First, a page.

Whatever the reasons, I kept watching, and things began falling into place. Step one: the Karaoke number shared across continents at the end of episode four, “What’s Going On?” Step Two: the genuinely moving conversation between the African man and the Korean woman and the specter of the terrible wedding in episode five, “Art is Like Religion.” By the endlessly screencapped episode five, “Demons,” the full-on crazy, pot-head on acid concept of what the show was doing began to sink in. Plus it was clear that Lana and the fraternal unit were committed to keeping things both relentlessly sexy (Max Remelt!) and jaw-droopingly beautiful (South Korea! India!). I was hooked.

But cross-cultural, cross-continental (mental not physical?) sexy time aside, what is going on here?

My sense is that the Wachoski’s are making classical cinema but that they are carefully breaking two fundamental rules of the form and exploring the consequences. The first broken rule relates to scope. A classical Hollywood feature is 90 to 120 minutes long. In special cases, especially auteur or prestige films, a runtime might stretch to 180 minutes. Sense8 constructs a story that is reportedly complete and that spans sixty episodes or five seasons (lets call them acts). This amounts to roughly 2900 minutes of story. Managing something of this length, I now realize, poses specific challenges. For example, I’ve watched 12 episodes, and by the end I recognized familiar signals that indicate the conclusion of “Act One.” In other words, after 10 hours of television, the initial presentation of the conflict was complete and the drama was about to begin. This is — judged by any ordinary standard — insane. How do you develop a coherent story of such length that is barely (and perhaps non-) episodic? Sense8 is attempting it and appears to be operating within the traditional structure of the five-act play. That’s interesting.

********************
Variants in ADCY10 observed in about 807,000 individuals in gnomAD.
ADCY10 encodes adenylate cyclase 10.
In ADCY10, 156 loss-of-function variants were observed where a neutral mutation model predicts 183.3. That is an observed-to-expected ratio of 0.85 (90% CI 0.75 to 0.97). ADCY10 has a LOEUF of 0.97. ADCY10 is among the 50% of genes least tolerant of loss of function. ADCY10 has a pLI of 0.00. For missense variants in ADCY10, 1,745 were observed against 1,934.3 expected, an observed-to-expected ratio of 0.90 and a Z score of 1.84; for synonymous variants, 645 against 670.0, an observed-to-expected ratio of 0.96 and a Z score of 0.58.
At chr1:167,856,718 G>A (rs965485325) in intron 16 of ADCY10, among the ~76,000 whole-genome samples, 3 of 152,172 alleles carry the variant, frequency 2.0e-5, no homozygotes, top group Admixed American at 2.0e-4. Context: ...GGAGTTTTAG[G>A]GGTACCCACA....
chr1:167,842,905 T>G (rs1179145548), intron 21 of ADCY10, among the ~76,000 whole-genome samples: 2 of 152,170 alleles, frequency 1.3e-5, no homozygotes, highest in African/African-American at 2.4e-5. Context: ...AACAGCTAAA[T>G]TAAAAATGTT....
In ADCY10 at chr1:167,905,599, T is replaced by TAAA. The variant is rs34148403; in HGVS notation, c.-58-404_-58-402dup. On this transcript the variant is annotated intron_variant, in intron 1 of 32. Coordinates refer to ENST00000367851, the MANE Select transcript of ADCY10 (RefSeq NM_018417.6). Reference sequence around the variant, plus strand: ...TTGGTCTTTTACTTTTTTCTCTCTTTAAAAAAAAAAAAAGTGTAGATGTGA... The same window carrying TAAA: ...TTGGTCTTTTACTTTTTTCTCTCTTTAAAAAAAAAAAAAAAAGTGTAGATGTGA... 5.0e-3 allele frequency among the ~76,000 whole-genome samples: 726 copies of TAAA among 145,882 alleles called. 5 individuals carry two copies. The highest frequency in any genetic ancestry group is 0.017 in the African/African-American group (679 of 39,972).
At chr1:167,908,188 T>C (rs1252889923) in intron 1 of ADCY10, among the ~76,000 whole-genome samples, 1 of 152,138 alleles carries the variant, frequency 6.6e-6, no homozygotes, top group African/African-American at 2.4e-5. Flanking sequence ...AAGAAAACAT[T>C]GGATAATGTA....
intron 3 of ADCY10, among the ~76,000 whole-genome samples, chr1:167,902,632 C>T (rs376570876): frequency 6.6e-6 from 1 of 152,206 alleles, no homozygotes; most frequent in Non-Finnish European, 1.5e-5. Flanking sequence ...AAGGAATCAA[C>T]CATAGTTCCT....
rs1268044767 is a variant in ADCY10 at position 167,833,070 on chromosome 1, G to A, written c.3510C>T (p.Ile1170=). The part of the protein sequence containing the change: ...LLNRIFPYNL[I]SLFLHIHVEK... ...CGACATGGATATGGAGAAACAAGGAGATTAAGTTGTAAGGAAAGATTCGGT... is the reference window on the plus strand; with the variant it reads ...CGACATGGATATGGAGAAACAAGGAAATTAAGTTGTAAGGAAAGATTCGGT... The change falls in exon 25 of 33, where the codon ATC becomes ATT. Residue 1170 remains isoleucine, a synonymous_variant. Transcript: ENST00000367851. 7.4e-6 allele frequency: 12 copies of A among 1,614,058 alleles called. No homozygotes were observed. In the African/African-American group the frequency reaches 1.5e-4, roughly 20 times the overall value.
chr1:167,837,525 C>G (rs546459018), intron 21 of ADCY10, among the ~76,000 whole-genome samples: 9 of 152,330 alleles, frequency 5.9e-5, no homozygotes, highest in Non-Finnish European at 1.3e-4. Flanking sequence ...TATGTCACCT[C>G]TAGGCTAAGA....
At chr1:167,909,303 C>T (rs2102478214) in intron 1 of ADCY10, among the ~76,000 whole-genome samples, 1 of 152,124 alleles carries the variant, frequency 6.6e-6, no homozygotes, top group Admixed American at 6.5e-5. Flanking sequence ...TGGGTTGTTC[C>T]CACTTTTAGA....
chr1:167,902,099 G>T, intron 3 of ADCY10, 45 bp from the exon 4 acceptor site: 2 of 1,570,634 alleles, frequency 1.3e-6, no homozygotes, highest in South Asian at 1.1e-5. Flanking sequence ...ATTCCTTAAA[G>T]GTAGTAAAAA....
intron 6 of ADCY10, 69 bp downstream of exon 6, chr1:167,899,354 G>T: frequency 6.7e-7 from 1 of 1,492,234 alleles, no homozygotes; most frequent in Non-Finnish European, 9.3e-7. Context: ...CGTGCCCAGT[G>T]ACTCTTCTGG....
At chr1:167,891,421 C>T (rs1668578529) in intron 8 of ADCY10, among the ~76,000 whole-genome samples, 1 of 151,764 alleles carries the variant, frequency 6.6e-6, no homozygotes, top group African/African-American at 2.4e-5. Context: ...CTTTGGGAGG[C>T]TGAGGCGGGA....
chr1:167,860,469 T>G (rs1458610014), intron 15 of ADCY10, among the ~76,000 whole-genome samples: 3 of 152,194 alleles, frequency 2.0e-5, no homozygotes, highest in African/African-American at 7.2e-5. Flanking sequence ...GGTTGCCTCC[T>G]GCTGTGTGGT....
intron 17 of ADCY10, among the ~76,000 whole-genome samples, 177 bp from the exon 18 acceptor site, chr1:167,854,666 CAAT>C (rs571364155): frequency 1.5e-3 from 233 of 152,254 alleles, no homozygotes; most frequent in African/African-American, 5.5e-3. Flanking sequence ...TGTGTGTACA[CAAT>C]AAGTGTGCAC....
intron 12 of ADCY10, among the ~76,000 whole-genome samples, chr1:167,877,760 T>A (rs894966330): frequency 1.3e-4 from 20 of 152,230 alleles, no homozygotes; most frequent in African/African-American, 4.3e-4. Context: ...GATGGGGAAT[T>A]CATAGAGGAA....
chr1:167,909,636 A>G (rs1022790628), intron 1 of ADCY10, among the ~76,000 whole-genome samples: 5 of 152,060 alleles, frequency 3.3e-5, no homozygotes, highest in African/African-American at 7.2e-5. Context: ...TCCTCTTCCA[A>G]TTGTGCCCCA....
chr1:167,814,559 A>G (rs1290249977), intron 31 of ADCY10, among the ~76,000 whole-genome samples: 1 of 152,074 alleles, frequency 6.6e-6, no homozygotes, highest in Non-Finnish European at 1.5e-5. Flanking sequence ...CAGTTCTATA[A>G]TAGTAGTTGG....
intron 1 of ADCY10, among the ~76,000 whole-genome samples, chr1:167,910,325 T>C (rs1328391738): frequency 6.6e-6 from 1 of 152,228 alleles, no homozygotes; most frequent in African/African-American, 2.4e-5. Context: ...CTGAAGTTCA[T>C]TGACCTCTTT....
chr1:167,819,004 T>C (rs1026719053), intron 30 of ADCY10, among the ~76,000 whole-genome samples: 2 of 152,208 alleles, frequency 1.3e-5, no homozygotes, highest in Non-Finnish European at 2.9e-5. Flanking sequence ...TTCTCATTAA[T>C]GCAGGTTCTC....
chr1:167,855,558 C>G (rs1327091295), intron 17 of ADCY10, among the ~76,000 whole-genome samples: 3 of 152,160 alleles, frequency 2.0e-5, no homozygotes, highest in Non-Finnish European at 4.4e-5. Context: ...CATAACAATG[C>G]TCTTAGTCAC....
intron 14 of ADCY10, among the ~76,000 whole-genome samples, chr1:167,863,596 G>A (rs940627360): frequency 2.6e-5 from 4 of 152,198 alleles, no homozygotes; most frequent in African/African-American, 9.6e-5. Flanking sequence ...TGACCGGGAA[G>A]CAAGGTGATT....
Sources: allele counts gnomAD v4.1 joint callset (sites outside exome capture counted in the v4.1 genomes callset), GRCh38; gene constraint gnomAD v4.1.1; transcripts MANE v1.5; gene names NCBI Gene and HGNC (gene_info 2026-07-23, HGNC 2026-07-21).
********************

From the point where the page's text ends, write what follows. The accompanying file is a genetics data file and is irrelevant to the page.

The second rule of classical cinema that the series breaks relates to the construction of space across the cut. Méliès made magic by moving objects in front of a fixed, static camera. Hollywood constructed stable, coherent spaces by cutting from one camera view to another in a rational, cumulative sequence organized by visual matches between shots. Sense8 uses the matching of traditional Hollywood editing in the service of an impossible, magical space. Scenes within the series occur — almost by default — in multiple locations. Conversations, for example, regularly take place between people separated by thousands of miles. The editing, however, takes no account of these physical realities and cuts shots together by the same logic that governs the representation of a conversation at a single table in a restaurant in the most banal of romantic comedies. By the end of the first season, scene after scene plays out in two or three (or more) locations, characters bounce back and forth between locations, and all of these shifts — organized and enabled by the techniques of classical editing — cohere without confusion. The result is a representation of a purely fictional mental space that I feel I have seen and that is integral to the plot but that makes no sense at all when I try to describe it to people who have not watched the show because it is entirely fantastic and completely experiential.

This is all fascinating — and portentous and overblown (yes, I admit it) — but also very entertaining.

I ended the season eager to find out if Netflix would spring for another season. It turns out they have. So I’m excited, but, because I am greedy, I would like to hear that they have green-lighted the full five seasons: I want to see the entire arc and how it works.